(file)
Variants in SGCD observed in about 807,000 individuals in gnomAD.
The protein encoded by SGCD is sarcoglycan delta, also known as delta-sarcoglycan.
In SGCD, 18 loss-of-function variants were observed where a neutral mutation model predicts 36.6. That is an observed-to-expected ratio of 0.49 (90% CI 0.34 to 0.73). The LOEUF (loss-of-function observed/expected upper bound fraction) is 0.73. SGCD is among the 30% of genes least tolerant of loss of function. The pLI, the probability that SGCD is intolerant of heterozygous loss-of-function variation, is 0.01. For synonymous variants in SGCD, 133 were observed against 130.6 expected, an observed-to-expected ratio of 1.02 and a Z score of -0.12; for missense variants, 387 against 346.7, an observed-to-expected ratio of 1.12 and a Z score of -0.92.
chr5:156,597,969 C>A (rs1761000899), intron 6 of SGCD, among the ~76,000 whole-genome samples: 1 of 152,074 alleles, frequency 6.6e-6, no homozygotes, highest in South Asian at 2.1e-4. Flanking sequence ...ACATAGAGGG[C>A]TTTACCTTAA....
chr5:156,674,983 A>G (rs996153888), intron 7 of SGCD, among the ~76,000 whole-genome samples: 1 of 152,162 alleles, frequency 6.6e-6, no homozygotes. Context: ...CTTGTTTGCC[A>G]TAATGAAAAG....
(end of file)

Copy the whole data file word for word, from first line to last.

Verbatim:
Variants in SGCD observed in about 807,000 individuals in gnomAD.
The protein encoded by SGCD is sarcoglycan delta, also known as delta-sarcoglycan.
In SGCD, 18 loss-of-function variants were observed where a neutral mutation model predicts 36.6. That is an observed-to-expected ratio of 0.49 (90% CI 0.34 to 0.73). The LOEUF (loss-of-function observed/expected upper bound fraction) is 0.73. SGCD is among the 30% of genes least tolerant of loss of function. The pLI, the probability that SGCD is intolerant of heterozygous loss-of-function variation, is 0.01. For synonymous variants in SGCD, 133 were observed against 130.6 expected, an observed-to-expected ratio of 1.02 and a Z score of -0.12; for missense variants, 387 against 346.7, an observed-to-expected ratio of 1.12 and a Z score of -0.92.
chr5:156,597,969 C>A (rs1761000899), intron 6 of SGCD, among the ~76,000 whole-genome samples: 1 of 152,074 alleles, frequency 6.6e-6, no homozygotes, highest in South Asian at 2.1e-4. Flanking sequence ...ACATAGAGGG[C>A]TTTACCTTAA....
chr5:156,674,983 A>G (rs996153888), intron 7 of SGCD, among the ~76,000 whole-genome samples: 1 of 152,162 alleles, frequency 6.6e-6, no homozygotes. Context: ...CTTGTTTGCC[A>G]TAATGAAAAG....